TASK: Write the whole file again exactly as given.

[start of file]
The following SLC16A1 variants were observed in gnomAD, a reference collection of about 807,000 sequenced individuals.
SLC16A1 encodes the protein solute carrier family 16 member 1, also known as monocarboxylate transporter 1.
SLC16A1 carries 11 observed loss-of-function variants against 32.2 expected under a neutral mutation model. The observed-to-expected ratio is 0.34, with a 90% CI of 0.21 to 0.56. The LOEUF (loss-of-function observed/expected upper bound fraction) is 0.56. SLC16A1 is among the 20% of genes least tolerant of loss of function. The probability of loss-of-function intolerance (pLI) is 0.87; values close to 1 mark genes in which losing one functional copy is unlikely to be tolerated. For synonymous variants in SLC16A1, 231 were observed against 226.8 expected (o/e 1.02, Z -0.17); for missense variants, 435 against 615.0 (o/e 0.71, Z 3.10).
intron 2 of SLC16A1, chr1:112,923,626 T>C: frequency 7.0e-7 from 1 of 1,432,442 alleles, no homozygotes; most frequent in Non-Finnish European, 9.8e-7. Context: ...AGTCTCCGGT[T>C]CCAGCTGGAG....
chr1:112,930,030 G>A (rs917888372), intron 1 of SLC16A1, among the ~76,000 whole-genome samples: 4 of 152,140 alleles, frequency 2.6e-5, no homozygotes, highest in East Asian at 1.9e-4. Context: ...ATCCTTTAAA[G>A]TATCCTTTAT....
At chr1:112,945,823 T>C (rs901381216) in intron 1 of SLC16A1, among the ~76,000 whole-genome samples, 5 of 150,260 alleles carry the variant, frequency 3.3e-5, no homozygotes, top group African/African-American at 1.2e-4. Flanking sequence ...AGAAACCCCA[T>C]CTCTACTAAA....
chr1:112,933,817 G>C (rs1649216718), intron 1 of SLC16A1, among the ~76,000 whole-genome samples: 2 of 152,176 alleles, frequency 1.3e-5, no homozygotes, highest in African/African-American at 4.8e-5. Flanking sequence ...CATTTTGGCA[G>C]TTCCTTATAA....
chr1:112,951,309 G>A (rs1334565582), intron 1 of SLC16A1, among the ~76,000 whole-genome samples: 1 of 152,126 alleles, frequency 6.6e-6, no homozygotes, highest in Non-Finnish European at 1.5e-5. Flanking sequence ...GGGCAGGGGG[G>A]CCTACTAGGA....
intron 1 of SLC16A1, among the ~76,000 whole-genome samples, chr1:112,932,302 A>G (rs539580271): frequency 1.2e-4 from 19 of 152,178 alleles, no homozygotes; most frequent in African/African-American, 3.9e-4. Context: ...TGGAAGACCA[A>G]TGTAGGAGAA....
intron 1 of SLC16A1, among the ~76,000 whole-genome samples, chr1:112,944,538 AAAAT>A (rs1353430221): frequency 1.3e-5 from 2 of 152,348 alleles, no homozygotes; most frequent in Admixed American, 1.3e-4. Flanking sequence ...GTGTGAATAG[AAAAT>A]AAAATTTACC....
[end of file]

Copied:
The following SLC16A1 variants were observed in gnomAD, a reference collection of about 807,000 sequenced individuals.
SLC16A1 encodes the protein solute carrier family 16 member 1, also known as monocarboxylate transporter 1.
SLC16A1 carries 11 observed loss-of-function variants against 32.2 expected under a neutral mutation model. The observed-to-expected ratio is 0.34, with a 90% CI of 0.21 to 0.56. The LOEUF (loss-of-function observed/expected upper bound fraction) is 0.56. SLC16A1 is among the 20% of genes least tolerant of loss of function. The probability of loss-of-function intolerance (pLI) is 0.87; values close to 1 mark genes in which losing one functional copy is unlikely to be tolerated. For synonymous variants in SLC16A1, 231 were observed against 226.8 expected (o/e 1.02, Z -0.17); for missense variants, 435 against 615.0 (o/e 0.71, Z 3.10).
intron 2 of SLC16A1, chr1:112,923,626 T>C: frequency 7.0e-7 from 1 of 1,432,442 alleles, no homozygotes; most frequent in Non-Finnish European, 9.8e-7. Context: ...AGTCTCCGGT[T>C]CCAGCTGGAG....
chr1:112,930,030 G>A (rs917888372), intron 1 of SLC16A1, among the ~76,000 whole-genome samples: 4 of 152,140 alleles, frequency 2.6e-5, no homozygotes, highest in East Asian at 1.9e-4. Context: ...ATCCTTTAAA[G>A]TATCCTTTAT....
At chr1:112,945,823 T>C (rs901381216) in intron 1 of SLC16A1, among the ~76,000 whole-genome samples, 5 of 150,260 alleles carry the variant, frequency 3.3e-5, no homozygotes, top group African/African-American at 1.2e-4. Flanking sequence ...AGAAACCCCA[T>C]CTCTACTAAA....
chr1:112,933,817 G>C (rs1649216718), intron 1 of SLC16A1, among the ~76,000 whole-genome samples: 2 of 152,176 alleles, frequency 1.3e-5, no homozygotes, highest in African/African-American at 4.8e-5. Flanking sequence ...CATTTTGGCA[G>C]TTCCTTATAA....
chr1:112,951,309 G>A (rs1334565582), intron 1 of SLC16A1, among the ~76,000 whole-genome samples: 1 of 152,126 alleles, frequency 6.6e-6, no homozygotes, highest in Non-Finnish European at 1.5e-5. Flanking sequence ...GGGCAGGGGG[G>A]CCTACTAGGA....
intron 1 of SLC16A1, among the ~76,000 whole-genome samples, chr1:112,932,302 A>G (rs539580271): frequency 1.2e-4 from 19 of 152,178 alleles, no homozygotes; most frequent in African/African-American, 3.9e-4. Context: ...TGGAAGACCA[A>G]TGTAGGAGAA....
intron 1 of SLC16A1, among the ~76,000 whole-genome samples, chr1:112,944,538 AAAAT>A (rs1353430221): frequency 1.3e-5 from 2 of 152,348 alleles, no homozygotes; most frequent in Admixed American, 1.3e-4. Flanking sequence ...GTGTGAATAG[AAAAT>A]AAAATTTACC....